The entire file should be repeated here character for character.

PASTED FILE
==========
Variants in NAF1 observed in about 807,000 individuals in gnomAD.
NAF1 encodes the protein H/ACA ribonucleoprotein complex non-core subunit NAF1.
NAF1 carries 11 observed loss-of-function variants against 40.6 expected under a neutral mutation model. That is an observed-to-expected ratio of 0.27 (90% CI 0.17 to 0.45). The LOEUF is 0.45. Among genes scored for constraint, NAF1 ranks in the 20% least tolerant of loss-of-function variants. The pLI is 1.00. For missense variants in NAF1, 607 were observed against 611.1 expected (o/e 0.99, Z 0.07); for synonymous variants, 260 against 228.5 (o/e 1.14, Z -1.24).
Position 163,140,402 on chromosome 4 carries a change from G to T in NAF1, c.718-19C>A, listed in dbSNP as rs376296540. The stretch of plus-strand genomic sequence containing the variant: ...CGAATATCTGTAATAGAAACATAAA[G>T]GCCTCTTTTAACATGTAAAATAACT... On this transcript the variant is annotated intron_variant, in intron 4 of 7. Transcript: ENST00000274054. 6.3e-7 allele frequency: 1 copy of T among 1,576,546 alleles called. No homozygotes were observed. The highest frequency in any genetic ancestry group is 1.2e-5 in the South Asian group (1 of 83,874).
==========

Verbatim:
Variants in NAF1 observed in about 807,000 individuals in gnomAD.
NAF1 encodes the protein H/ACA ribonucleoprotein complex non-core subunit NAF1.
NAF1 carries 11 observed loss-of-function variants against 40.6 expected under a neutral mutation model. That is an observed-to-expected ratio of 0.27 (90% CI 0.17 to 0.45). The LOEUF is 0.45. Among genes scored for constraint, NAF1 ranks in the 20% least tolerant of loss-of-function variants. The pLI is 1.00. For missense variants in NAF1, 607 were observed against 611.1 expected (o/e 0.99, Z 0.07); for synonymous variants, 260 against 228.5 (o/e 1.14, Z -1.24).
Position 163,140,402 on chromosome 4 carries a change from G to T in NAF1, c.718-19C>A, listed in dbSNP as rs376296540. The stretch of plus-strand genomic sequence containing the variant: ...CGAATATCTGTAATAGAAACATAAA[G>T]GCCTCTTTTAACATGTAAAATAACT... On this transcript the variant is annotated intron_variant, in intron 4 of 7. Transcript: ENST00000274054. 6.3e-7 allele frequency: 1 copy of T among 1,576,546 alleles called. No homozygotes were observed. The highest frequency in any genetic ancestry group is 1.2e-5 in the South Asian group (1 of 83,874).